Research at a hospital swamped by people with COVID-19 has confirmed that portable air filters effectively remove SARS-CoV-2 particles from the air — the first such evidence in a real-world setting1. The results suggest that air filters could be used to reduce the risk of patients and medical staff contracting SARS-CoV-2 in hospitals, the study’s authors say.
Despite the proper use of personal protective equipment, hospitals have reported substantial spread of SARS-CoV-2 from patients to health-care workers. One suspected cause of such cases is viral particles in the air, which are one of the main drivers of SARS-CoV-2 transmission.
Earlier experiments that tested air filters’ performance assessed their ability to remove inactive particles while operating in carefully controlled environments2. As a result, “what was not known was how effective they would be in a real-world ward setting for clearing SARS-CoV-2”, says study co-author Vilas Navapurkar, an intensive-care unit (ICU) physician at Addenbrooke’s Hospital in Cambridge, UK. Hospitals have turned to portable air filters as an attractive solution when their isolation facilities are full, Navapurkar says, but it’s important to know whether such filters are effective or whether they simply provide a false sense of security.
To determine how the filters stand up to real-world conditions, Navapurkar and his co-authors installed them in two fully occupied COVID-19 wards — a general ward and an ICU. The team chose high-efficiency particulate air (HEPA) filters, which blow air through a fine mesh that catches extremely small particles. The researchers collected air samples from the wards during a week when the air filters were switched on and two weeks when they were turned off.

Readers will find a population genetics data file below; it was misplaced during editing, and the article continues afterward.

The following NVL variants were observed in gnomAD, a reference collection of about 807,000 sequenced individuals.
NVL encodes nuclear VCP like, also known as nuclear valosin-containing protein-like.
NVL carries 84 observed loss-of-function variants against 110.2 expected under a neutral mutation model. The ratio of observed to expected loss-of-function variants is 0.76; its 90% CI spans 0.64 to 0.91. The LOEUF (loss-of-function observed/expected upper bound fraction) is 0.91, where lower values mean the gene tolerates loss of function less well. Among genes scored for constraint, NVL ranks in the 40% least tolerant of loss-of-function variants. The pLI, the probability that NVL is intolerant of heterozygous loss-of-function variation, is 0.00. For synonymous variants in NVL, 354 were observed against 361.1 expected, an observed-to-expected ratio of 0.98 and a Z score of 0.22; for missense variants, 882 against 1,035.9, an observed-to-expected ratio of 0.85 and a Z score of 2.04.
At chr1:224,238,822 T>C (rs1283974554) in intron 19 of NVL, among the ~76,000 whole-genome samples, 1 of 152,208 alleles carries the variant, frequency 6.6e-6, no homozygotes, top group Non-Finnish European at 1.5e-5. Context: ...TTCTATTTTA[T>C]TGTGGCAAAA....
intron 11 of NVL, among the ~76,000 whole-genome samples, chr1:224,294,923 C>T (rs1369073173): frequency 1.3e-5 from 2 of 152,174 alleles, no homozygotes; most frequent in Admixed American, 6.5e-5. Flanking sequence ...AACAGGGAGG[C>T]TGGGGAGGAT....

In the general ward, the team found SARS-CoV-2 particles in the air when the filter was off but not when it was on. Surprisingly, the team didn’t find many viral particles in the air of the ICU ward, even when the filter there was off. The authors suggest several possible reasons for this, including slower viral replication at later stages of the disease3. As a result, the team says that measures to remove the virus from the air might be more important in general wards than in ICUs.
A simple solution
“This study suggests that HEPA air cleaners, which remain little-used in Canadian hospitals, are a cheap and easy way to reduce risk from airborne pathogens,” says David Fisman, an epidemiologist at the University of Toronto, Canada, who was not involved in the research.
And the scientists found that the filters don’t only protect against SARS-CoV-2. When the filters were switched off, the air in both wards contained detectable amounts of other pathogens that cause infections in hospitals, such as Staphylococcus aureus, Escherichia coli and Streptococcus pyogenes. The filters largely removed them. These organisms are not typically thought to spread through the air, but “this study suggests that these infections may also spread by aerosol”, Fisman says.
The findings have not yet been peer reviewed.